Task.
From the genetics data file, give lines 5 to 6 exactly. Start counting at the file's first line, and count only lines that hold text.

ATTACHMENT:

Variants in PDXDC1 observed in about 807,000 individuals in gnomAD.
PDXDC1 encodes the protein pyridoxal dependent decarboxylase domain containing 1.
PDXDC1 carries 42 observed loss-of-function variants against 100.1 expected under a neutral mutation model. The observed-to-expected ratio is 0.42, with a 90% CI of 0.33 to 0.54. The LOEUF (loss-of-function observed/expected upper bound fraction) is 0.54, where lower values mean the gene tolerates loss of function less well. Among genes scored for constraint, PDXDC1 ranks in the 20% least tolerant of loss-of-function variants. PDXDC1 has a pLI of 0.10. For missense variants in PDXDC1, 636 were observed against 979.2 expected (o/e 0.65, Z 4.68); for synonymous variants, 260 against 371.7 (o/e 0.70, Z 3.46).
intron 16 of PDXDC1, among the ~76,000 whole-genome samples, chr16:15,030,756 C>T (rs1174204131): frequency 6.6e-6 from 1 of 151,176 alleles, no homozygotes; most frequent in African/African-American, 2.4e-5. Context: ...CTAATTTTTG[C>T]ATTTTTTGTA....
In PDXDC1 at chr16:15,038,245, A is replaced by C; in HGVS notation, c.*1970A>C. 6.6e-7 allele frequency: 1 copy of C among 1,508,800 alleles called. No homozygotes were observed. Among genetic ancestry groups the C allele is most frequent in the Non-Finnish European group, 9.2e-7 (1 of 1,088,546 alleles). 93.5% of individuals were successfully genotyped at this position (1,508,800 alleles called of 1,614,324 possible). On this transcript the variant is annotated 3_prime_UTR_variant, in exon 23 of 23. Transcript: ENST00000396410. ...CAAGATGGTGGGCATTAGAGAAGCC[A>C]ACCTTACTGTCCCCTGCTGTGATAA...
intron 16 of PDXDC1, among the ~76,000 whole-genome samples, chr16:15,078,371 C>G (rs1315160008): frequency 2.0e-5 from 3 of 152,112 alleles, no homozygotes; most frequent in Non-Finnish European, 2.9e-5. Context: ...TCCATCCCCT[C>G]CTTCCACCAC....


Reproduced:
In PDXDC1 at chr16:15,038,245, A is replaced by C; in HGVS notation, c.*1970A>C. 6.6e-7 allele frequency: 1 copy of C among 1,508,800 alleles called. No homozygotes were observed. Among genetic ancestry groups the C allele is most frequent in the Non-Finnish European group, 9.2e-7 (1 of 1,088,546 alleles). 93.5% of individuals were successfully genotyped at this position (1,508,800 alleles called of 1,614,324 possible). On this transcript the variant is annotated 3_prime_UTR_variant, in exon 23 of 23. Transcript: ENST00000396410. ...CAAGATGGTGGGCATTAGAGAAGCC[A>C]ACCTTACTGTCCCCTGCTGTGATAA...
intron 16 of PDXDC1, among the ~76,000 whole-genome samples, chr16:15,078,371 C>G (rs1315160008): frequency 2.0e-5 from 3 of 152,112 alleles, no homozygotes; most frequent in Non-Finnish European, 2.9e-5. Context: ...TCCATCCCCT[C>G]CTTCCACCAC....